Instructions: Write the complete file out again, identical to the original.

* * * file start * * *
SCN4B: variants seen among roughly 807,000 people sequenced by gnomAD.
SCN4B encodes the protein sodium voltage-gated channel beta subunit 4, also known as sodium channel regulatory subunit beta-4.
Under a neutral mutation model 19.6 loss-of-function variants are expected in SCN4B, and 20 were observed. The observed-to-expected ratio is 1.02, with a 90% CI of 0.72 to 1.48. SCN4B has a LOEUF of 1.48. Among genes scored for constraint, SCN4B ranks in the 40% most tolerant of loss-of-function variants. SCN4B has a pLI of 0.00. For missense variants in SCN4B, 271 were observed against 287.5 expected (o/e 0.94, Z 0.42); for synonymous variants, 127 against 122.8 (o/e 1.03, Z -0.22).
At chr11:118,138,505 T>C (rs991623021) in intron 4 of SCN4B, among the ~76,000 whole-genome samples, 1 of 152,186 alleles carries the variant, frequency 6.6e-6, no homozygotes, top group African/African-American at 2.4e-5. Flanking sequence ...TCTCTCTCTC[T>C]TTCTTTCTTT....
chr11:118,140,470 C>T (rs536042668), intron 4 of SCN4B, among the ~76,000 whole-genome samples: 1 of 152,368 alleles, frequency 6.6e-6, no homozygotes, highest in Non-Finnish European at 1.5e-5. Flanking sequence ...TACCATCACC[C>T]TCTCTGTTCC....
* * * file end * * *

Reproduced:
SCN4B: variants seen among roughly 807,000 people sequenced by gnomAD.
SCN4B encodes the protein sodium voltage-gated channel beta subunit 4, also known as sodium channel regulatory subunit beta-4.
Under a neutral mutation model 19.6 loss-of-function variants are expected in SCN4B, and 20 were observed. The observed-to-expected ratio is 1.02, with a 90% CI of 0.72 to 1.48. SCN4B has a LOEUF of 1.48. Among genes scored for constraint, SCN4B ranks in the 40% most tolerant of loss-of-function variants. SCN4B has a pLI of 0.00. For missense variants in SCN4B, 271 were observed against 287.5 expected (o/e 0.94, Z 0.42); for synonymous variants, 127 against 122.8 (o/e 1.03, Z -0.22).
At chr11:118,138,505 T>C (rs991623021) in intron 4 of SCN4B, among the ~76,000 whole-genome samples, 1 of 152,186 alleles carries the variant, frequency 6.6e-6, no homozygotes, top group African/African-American at 2.4e-5. Flanking sequence ...TCTCTCTCTC[T>C]TTCTTTCTTT....
chr11:118,140,470 C>T (rs536042668), intron 4 of SCN4B, among the ~76,000 whole-genome samples: 1 of 152,368 alleles, frequency 6.6e-6, no homozygotes, highest in Non-Finnish European at 1.5e-5. Flanking sequence ...TACCATCACC[C>T]TCTCTGTTCC....